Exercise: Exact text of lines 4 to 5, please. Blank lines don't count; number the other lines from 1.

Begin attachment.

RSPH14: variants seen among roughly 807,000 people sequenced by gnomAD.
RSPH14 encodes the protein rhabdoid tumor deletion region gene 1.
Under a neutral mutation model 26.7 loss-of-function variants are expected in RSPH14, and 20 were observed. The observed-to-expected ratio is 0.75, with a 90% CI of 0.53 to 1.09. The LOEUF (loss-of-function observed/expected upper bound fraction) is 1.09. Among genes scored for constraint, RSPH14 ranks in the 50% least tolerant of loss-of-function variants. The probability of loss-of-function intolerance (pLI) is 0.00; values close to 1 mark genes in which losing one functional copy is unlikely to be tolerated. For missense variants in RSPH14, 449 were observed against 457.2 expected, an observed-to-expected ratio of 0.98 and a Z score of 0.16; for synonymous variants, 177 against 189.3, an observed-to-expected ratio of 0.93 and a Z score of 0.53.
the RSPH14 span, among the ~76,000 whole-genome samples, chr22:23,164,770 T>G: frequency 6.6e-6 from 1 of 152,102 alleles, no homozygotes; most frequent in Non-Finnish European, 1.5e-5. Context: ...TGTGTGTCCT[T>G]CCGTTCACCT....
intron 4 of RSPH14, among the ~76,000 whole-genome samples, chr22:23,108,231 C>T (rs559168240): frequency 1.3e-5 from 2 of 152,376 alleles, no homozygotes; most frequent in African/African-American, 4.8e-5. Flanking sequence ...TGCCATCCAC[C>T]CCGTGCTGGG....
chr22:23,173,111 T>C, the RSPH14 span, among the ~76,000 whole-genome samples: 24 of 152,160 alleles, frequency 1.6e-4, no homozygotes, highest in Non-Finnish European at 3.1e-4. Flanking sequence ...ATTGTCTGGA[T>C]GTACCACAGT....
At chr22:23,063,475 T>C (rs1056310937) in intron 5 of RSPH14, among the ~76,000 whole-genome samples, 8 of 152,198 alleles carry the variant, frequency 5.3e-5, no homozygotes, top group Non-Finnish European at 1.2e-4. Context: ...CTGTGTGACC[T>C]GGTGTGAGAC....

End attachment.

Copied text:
the RSPH14 span, among the ~76,000 whole-genome samples, chr22:23,164,770 T>G: frequency 6.6e-6 from 1 of 152,102 alleles, no homozygotes; most frequent in Non-Finnish European, 1.5e-5. Context: ...TGTGTGTCCT[T>G]CCGTTCACCT....
intron 4 of RSPH14, among the ~76,000 whole-genome samples, chr22:23,108,231 C>T (rs559168240): frequency 1.3e-5 from 2 of 152,376 alleles, no homozygotes; most frequent in African/African-American, 4.8e-5. Flanking sequence ...TGCCATCCAC[C>T]CCGTGCTGGG....